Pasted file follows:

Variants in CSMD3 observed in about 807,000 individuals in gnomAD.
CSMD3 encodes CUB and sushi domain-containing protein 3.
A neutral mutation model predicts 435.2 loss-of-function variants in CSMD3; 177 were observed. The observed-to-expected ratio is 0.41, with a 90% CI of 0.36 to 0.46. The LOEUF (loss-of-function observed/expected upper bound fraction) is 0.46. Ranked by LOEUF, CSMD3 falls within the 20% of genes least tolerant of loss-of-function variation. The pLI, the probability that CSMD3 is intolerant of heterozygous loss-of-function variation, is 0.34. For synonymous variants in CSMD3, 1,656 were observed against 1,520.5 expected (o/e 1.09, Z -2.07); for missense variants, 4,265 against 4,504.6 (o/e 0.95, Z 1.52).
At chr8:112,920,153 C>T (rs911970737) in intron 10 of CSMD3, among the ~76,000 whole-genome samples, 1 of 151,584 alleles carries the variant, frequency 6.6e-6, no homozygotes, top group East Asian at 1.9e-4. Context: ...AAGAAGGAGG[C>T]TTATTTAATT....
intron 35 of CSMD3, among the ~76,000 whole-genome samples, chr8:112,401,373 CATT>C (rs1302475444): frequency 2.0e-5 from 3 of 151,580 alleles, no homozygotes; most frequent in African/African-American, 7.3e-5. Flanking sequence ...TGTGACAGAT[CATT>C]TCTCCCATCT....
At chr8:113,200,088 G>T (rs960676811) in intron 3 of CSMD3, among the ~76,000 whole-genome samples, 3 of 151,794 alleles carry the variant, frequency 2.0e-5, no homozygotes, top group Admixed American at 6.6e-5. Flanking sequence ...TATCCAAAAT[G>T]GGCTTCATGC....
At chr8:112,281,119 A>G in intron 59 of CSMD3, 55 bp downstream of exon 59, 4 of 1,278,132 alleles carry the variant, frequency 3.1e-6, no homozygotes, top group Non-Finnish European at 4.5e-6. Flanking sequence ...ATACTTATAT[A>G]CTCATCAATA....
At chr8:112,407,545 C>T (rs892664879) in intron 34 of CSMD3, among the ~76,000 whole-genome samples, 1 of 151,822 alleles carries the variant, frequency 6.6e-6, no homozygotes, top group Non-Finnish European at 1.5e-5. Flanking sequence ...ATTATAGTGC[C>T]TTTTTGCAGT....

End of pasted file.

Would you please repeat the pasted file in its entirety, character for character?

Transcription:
Variants in CSMD3 observed in about 807,000 individuals in gnomAD.
CSMD3 encodes CUB and sushi domain-containing protein 3.
A neutral mutation model predicts 435.2 loss-of-function variants in CSMD3; 177 were observed. The observed-to-expected ratio is 0.41, with a 90% CI of 0.36 to 0.46. The LOEUF (loss-of-function observed/expected upper bound fraction) is 0.46. Ranked by LOEUF, CSMD3 falls within the 20% of genes least tolerant of loss-of-function variation. The pLI, the probability that CSMD3 is intolerant of heterozygous loss-of-function variation, is 0.34. For synonymous variants in CSMD3, 1,656 were observed against 1,520.5 expected (o/e 1.09, Z -2.07); for missense variants, 4,265 against 4,504.6 (o/e 0.95, Z 1.52).
At chr8:112,920,153 C>T (rs911970737) in intron 10 of CSMD3, among the ~76,000 whole-genome samples, 1 of 151,584 alleles carries the variant, frequency 6.6e-6, no homozygotes, top group East Asian at 1.9e-4. Context: ...AAGAAGGAGG[C>T]TTATTTAATT....
intron 35 of CSMD3, among the ~76,000 whole-genome samples, chr8:112,401,373 CATT>C (rs1302475444): frequency 2.0e-5 from 3 of 151,580 alleles, no homozygotes; most frequent in African/African-American, 7.3e-5. Flanking sequence ...TGTGACAGAT[CATT>C]TCTCCCATCT....
At chr8:113,200,088 G>T (rs960676811) in intron 3 of CSMD3, among the ~76,000 whole-genome samples, 3 of 151,794 alleles carry the variant, frequency 2.0e-5, no homozygotes, top group Admixed American at 6.6e-5. Flanking sequence ...TATCCAAAAT[G>T]GGCTTCATGC....
At chr8:112,281,119 A>G in intron 59 of CSMD3, 55 bp downstream of exon 59, 4 of 1,278,132 alleles carry the variant, frequency 3.1e-6, no homozygotes, top group Non-Finnish European at 4.5e-6. Flanking sequence ...ATACTTATAT[A>G]CTCATCAATA....
At chr8:112,407,545 C>T (rs892664879) in intron 34 of CSMD3, among the ~76,000 whole-genome samples, 1 of 151,822 alleles carries the variant, frequency 6.6e-6, no homozygotes, top group Non-Finnish European at 1.5e-5. Flanking sequence ...ATTATAGTGC[C>T]TTTTTGCAGT....